How to repaint the numbers on a brass clock dial

Gage_robertson_collector

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Hello, I was just curious which paint and/or which technique i should use to go about repainting the numbers on this 1893 seth thomas mantel clock i have. The numbers were originally black. I thought about using a paint sharpie (the one where you shake it up and actual paint comes out of the tip) mostly because of the convenience it would be to apply it using this technique,
but i wasnt sure if that was the best route as i would like it to be relatively durable and as close to original as possible.

thanks,

- Gage robertson
2BAEC76D-B660-475B-96E7-6B188FA646CB.jpeg
 

bruce linde

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i have one of those sharpies and half the time i get big globs rather than controlled output....

if it were me i'd pull the dial for best accesss and make sure i had plenty of good lighting and magnification... and go really slowly using very small paint brushes (after making sure there's no oil or anything on the surfaces).

also... i was able to restore the fine gold lines on this one using an extra fine tip sharpie and carefully wiping off any that went outside of the recesses using a lint-free wipe and some alcohol.... maybe not the best job, but looks great from more than a couple of feet away... :)

image_3.jpg
 

Gage_robertson_collector

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May 4, 2021
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West Hartford, Connecticut
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i have one of those sharpies and half the time i get big globs rather than controlled output....

if it were me i'd pull the dial for best accesss and make sure i had plenty of good lighting and magnification... and go really slowly using very small paint brushes (after making sure there's no oil or anything on the surfaces).

also... i was able to restore the fine gold lines on this one using an extra fine tip sharpie and carefully wiping off any that went outside of the recesses using a lint-free wipe and some alcohol.... maybe not the best job, but looks great from more than a couple of feet away... :)

View attachment 659434
Looks great! Actually I was already planning on repairing those details using pen ink, using a technique that was suggested to me in another thread. Either way, thanks for your input on the numbers!!
- Gage
 

Gage_robertson_collector

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May 4, 2021
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11
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West Hartford, Connecticut
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Region
i have one of those sharpies and half the time i get big globs rather than controlled output....

if it were me i'd pull the dial for best accesss and make sure i had plenty of good lighting and magnification... and go really slowly using very small paint brushes (after making sure there's no oil or anything on the surfaces).

also... i was able to restore the fine gold lines on this one using an extra fine tip sharpie and carefully wiping off any that went outside of the recesses using a lint-free wipe and some alcohol.... maybe not the best job, but looks great from more than a couple of feet away... :)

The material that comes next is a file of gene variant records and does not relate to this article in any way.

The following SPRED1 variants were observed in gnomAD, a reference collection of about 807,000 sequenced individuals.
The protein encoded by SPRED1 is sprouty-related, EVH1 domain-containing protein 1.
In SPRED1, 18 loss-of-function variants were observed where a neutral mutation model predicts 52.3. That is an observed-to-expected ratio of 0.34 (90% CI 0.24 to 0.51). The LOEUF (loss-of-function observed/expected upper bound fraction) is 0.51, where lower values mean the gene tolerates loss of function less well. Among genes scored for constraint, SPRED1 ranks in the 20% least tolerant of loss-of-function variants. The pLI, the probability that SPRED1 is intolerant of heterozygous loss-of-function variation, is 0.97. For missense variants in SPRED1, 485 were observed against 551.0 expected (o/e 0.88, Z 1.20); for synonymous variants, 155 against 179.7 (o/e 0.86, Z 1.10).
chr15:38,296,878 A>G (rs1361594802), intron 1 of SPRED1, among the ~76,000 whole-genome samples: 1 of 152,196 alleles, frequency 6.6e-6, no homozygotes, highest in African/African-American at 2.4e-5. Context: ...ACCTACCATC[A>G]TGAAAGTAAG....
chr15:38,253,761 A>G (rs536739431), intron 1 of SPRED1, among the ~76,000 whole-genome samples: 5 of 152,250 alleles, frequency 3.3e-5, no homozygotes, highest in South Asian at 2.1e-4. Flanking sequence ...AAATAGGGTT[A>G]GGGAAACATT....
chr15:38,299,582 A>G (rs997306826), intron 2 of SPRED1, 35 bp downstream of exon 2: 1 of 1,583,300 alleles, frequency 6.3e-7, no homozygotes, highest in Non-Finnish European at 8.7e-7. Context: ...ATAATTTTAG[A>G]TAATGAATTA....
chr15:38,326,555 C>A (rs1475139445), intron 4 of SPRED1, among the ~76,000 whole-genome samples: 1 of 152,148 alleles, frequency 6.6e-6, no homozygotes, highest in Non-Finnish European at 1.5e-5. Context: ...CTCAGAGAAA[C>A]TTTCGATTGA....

View attachment 659434
thanks for your advice!! I actually ended up using gold pen ink on a clock oil applicator to get the color back on the face there. I think it looks pretty good!! Still have to do the numbers though!!

- Gage

F1F9B607-E181-4654-9F28-E476E07C7ACB.jpeg
 
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bruce linde

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it occurred to me that you could fill in the circles around the numbers with a sharpie and it might look pretty good.... here's a quick-and-dirty photoshop using a dark brown....

F1F9B607-E181-4654-9F28-E476E07C7ACB.jpeg
 

Vernon

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I did this a few years ago. It was a lot simpler than I thought it would be. I used a thin artist brush and enamel artist paint. While I was deciding weather to allow the paint go down the edges, I was finished so the right side doesn't look as good. I may go back over it.

IMG_20210818_191952.jpg
 

klokwiz

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Gage, I would first do some research looking for an un touched dial that will show you what it was supposed to look like. then you can decide what to do to it.

I did a quickie google search found three examples, it appears that just the number was painted. Your numbers look pretty flat. i would try the rubber stamp approach. find a cork slightly smaller than the circle around the number. dip it in black paint but not so it is soaked, then apply to number. this way you get an even un "brushed" look. be prepared to wipe it off and reapply if first try doesnt look good.

Joe
 
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comet61

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The cork idea does work, but it has to be flat and the right diameter. I used Windsor and Newton Inks. Black, White, Gold and Silver are all opaque (non-transparent). The trick is to "dampen" the cork...a very thin layer. Apply it squarely on your target. Apply straight down, then come off it straight up. Let it dry and repeat the process until you have a solid color.
 
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